References 239

14 Social–Ecological Restructuring and Implications for Social Values 247
Grant Murray

Introduction 248

Approach and methods 249

Social–ecological restructuring: Putting climate change in context 249

Changes in social structures and processes 251

Size and connection with fishing industry 251

Age structure 252

Internal stratification 253

Fishing as a way of life: Now and in the future 258

Discussion 259

Conclusion 261

Endnotes 262

References 262

15 Economic Valuation of Mangroves in the Niger Delta: An Interdisciplinary Approach 265
Godstime K. James, Jimmy O. Adegoke, Ekechukwu Saba, Peter Nwilo, Joseph Akinyede, and Sylvester Osagie

Introduction 265

Study area 266

Integration of remote sensing and socio–economic data 267

Economic valuation of mangrove resources 268

Methodology 269

Remote sensing analysis 269

Focus group analysis 270

Household survey 271

Empirical data processing 271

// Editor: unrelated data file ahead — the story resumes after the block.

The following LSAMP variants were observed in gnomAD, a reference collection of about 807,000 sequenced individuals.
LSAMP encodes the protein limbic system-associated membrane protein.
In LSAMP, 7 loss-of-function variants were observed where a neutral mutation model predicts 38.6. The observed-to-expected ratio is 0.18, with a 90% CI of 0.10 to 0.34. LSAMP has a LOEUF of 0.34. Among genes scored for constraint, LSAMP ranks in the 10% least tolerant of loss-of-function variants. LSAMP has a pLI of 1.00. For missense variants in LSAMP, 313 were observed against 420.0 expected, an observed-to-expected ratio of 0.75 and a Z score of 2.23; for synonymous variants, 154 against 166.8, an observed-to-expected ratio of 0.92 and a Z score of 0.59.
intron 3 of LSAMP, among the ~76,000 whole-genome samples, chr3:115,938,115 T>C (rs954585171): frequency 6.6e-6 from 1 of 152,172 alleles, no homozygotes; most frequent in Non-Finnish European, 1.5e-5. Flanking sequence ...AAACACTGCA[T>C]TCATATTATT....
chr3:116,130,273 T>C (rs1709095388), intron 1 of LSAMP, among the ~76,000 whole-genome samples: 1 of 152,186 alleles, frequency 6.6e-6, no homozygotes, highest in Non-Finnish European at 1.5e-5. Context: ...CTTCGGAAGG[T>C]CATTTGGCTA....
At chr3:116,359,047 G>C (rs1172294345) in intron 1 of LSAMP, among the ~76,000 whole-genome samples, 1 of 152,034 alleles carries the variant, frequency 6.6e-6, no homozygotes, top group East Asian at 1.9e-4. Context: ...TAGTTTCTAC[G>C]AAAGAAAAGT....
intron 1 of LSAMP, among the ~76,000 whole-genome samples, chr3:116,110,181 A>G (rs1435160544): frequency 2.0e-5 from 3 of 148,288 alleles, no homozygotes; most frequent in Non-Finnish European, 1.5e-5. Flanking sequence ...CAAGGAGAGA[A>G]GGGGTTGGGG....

Estimation of net income from the sale of mangrove resources 271

Estimation of the mangrove area that supported mangrove income (Ak) 272

Annual household net income at the community level 273

Results and analysis 274

Socio–economic characteristics of household survey respondents 274

Area of mangrove that support income stream (Ak) 274

Results from the economic valuation 274

Conclusions 277

References 278

16 US Marine Ecosystem Habitat Values 281
Ussif Rashid Sumaila, Jackie Alder, G. Ishimura, William. W. L. Cheung, L. Dropkin, S. Hopkins, S. Sullivan, and A. Kitchingman

Introduction 281

Geographical scope of study 282

Assigning use and non–use values to habitat types 283

Direct use: Habitat associated commercial values 283

Direct use: Habitat associated recreational values 284

Non–use and indirect value: Habitat values based on iconic species 285

The results 285

Direct use: Habitat associated commercial values 286

Direct use: Habitat associated recreational values 286

Non–use and indirect value: Habitat values based on iconic species 286

Concluding remarks 287

Acknowledgements 288

Endnotes 288

References 288

Part V Governance 291

17 Historical Transitions in Access to and Management of Alaska s Commercial Fisheries, 1880 1980 293
Emilie Springer

Introduction 293

Early days: Gold and salmon; 1867 1919 294